Perspectives: Build those family ties and traditions while we can

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OPINION — The last family get-together we had that wasn’t a result of sending off another family member was last October when my mom and her two surviving siblings got together for their annual pre-Christmas dinner.

It’s a tradition that they’ve been doing for several years now.

Before the snow flies in earnest, my elderly mom and her siblings would meet at their favorite restaurant for a turkey dinner and to exchange gifts. It was funny to see all three of them making their way into the restaurant with canes and walkers.

Since I live near my mom’s younger sister and her husband, they’ve asked me to chauffeur them to and from these events. It’s an assignment I’m very happy to do as it allows me to spend time with them as well as to help them connect with distant family.

When we met this past October, I was struck by how even simple opportunities to meet like this could no longer be taken for granted. It’s a life lesson that has been a long time coming.

Nearly 23 years ago, my cousins and I all gathered for the first time in more than a decade for our grandfather’s funeral. We marveled at how much each of us had changed since we’d last seen one another.

When we gathered a couple of years later for my grandmother’s funeral, we joked about how our gatherings all seemed to have a common theme of someone dying. We made an informal commitment, at that time, to have more regular family get-togethers.

As with many things, it’s something easier said than done.

On the bright side, those family reunions are taking place with some regularity, unfortunately, they still seem to take place when we’re gathered to bid farewell to yet another loved one.

Despite our good intentions, all of us get so wrapped up in our day-to-day lives that it takes something earthshaking, like a loved one’s passing to get us to actually break out of our routines.

I get the sense that time is not working in our favor and that has me wondering what I might do differently to avoid squandering the time we have.

Here are a couple of things that occurred to me as I made the drive to and from Southern Idaho this past weekend.

Family is one of the easiest things to take for granted. This fact doesn’t automatically make us bad people but it does illustrate how shortsighted we can be when we’re not in crisis.

The stuff that would cause us to drop what we are doing and purchase a plane ticket to fly a thousand miles or more to be with family tends to be be pretty intense. A life-threatening illness, a birth or an actual death are the times we feel the call of duty strong enough to step out of our routines and be there for one another.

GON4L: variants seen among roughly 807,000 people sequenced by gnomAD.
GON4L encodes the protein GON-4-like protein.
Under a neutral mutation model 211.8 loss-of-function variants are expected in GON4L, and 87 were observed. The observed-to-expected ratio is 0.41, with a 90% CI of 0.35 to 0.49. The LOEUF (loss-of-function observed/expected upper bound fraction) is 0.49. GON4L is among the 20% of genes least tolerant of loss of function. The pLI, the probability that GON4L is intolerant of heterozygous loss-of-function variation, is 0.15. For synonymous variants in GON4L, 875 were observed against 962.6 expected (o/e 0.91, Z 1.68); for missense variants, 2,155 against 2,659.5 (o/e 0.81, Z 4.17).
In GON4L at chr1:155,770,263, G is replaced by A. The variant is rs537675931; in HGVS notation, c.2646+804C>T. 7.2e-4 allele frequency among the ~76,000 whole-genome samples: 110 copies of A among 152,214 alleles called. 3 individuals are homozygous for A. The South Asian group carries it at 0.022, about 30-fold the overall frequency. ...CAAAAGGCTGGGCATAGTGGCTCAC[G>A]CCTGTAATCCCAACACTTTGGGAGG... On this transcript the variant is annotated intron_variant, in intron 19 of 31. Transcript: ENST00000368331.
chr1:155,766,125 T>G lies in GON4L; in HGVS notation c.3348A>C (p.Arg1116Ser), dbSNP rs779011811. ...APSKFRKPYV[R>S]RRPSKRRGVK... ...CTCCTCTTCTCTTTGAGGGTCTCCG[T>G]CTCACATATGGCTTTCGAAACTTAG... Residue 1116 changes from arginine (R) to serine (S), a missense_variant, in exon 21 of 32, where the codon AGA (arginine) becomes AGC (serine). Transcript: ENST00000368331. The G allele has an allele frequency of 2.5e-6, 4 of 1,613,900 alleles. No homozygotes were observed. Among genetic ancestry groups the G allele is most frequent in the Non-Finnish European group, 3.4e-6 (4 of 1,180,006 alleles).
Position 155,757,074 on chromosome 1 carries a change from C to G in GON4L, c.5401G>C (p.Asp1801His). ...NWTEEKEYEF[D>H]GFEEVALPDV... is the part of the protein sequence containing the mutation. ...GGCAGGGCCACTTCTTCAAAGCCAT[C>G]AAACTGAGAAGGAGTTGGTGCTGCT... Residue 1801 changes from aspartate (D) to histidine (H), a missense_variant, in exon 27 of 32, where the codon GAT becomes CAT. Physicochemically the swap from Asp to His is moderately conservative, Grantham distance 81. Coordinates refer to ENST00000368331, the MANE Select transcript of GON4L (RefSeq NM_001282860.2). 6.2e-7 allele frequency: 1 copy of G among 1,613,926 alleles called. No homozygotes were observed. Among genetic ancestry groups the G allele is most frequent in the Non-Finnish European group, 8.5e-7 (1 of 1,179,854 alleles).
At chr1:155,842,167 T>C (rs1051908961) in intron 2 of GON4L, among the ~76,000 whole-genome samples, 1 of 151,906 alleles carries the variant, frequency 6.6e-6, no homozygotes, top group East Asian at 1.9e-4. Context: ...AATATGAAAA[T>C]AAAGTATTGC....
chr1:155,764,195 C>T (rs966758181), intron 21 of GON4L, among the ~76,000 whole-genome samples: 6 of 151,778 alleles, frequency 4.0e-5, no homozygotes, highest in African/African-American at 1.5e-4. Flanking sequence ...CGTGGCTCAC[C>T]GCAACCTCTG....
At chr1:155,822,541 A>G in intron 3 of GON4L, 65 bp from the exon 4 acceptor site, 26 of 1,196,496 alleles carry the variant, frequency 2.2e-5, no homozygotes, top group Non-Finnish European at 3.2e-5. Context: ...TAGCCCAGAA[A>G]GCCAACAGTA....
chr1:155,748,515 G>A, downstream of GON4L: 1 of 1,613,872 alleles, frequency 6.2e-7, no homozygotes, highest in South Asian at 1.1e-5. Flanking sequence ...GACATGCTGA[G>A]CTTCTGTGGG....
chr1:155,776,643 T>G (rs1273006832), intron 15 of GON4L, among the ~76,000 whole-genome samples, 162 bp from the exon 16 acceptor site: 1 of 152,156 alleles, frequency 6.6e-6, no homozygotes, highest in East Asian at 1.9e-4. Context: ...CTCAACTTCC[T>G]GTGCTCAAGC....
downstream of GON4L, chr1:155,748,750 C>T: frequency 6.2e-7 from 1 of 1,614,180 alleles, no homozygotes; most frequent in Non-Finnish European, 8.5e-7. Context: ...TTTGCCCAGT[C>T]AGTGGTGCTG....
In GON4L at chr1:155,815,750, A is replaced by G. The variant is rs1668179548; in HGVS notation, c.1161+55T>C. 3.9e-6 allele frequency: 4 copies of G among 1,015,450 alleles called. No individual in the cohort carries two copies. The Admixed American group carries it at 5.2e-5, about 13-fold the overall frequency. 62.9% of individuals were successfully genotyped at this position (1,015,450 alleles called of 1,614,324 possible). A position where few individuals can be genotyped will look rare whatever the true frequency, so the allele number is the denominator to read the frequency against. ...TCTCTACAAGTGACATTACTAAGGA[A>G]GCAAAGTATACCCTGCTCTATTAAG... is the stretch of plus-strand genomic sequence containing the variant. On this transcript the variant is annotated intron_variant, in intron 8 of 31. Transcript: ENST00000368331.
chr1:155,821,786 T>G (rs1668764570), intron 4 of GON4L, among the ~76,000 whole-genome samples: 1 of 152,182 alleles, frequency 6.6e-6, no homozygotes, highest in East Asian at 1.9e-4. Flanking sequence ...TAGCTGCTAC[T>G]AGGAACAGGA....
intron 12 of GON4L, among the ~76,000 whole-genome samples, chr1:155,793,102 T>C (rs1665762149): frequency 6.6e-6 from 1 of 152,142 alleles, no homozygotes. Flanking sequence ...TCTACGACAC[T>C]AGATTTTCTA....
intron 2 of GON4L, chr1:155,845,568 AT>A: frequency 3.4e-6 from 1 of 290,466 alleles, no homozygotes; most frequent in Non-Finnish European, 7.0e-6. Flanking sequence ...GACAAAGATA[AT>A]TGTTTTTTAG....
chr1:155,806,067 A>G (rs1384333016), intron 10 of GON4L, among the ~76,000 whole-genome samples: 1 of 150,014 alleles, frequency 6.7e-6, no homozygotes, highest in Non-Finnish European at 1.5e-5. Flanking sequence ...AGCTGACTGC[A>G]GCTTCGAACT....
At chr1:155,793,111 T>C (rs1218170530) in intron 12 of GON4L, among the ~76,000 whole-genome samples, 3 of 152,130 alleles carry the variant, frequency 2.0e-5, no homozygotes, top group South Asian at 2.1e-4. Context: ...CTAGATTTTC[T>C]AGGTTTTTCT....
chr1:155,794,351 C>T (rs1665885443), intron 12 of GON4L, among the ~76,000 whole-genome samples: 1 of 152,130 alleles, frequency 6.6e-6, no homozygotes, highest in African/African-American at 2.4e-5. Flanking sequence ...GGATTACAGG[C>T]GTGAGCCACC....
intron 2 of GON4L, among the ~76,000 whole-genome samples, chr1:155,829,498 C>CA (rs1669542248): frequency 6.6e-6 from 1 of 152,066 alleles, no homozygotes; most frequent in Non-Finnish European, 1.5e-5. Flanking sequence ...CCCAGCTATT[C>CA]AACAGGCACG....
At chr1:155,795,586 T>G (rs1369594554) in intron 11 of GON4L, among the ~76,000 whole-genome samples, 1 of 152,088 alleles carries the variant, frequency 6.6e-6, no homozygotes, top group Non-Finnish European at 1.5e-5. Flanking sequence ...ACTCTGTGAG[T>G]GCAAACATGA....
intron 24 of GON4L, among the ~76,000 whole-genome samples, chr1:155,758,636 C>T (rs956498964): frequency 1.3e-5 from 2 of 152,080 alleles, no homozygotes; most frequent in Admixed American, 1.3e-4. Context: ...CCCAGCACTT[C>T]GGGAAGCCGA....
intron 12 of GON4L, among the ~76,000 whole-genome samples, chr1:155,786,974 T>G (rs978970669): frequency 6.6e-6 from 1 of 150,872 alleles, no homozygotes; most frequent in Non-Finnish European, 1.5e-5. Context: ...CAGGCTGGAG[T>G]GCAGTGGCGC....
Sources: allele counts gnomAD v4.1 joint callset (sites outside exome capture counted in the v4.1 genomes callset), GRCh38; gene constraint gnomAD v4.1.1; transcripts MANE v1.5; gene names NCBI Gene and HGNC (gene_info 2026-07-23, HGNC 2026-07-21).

There’s nothing wrong with this and, at the same time, wouldn’t we be well served to stay in contact through the good times as well?

This doesn’t have to be something formal and complicated. It can be as simple as establishing the habit of checking in with one another regularly. This can be accomplished through social media – one of the good uses – or even through a weekly phone call or text.

The key here is making the time to communicate regularly. Even a short 5-10 minute phone call can bring family members closer together, if done on a regular basis.

Whether that time is spent commiserating, complaining, joking or laughing with one another, we have the opportunity to become part of a highly effective support group for one another. This doesn’t mean that family members will no longer have disagreements or get on one another’s nerves.

The key is, we’re not looking for reasons to disagree with one another. We’re long past trying to change one another.

That means that we can strengthen our bonds to one another through consistent contact and regular small acts of service. Those may seem like small things but they pay rich dividends in terms of creating meaningful relationships that provide us shelter and comfort in times of need.

The second thing that came to mind was the importance of creating new traditions, even if they may be small or silly things that are only observed by our family.

The Christmas-in-October meeting that my mom and her siblings have been holding may have started out as a curiosity, inspired by a bunch of old folks who hate driving in the snow, but it was a legit fun time.

The fact that it brought us all together for a short but purposeful visit was the important part. Considering that we can no longer take such events for granted, this makes every gathering something genuinely special.

Bryan Hyde is an opinion columnist specializing in current events and liberty viewed through what he calls the lens of common sense. The opinions stated in this article are his own and may not be representative of St. George News.

Email: [email protected]

Twitter: @youcancallmebry

Copyright St. George News, LLC, 2019, all rights reserved.

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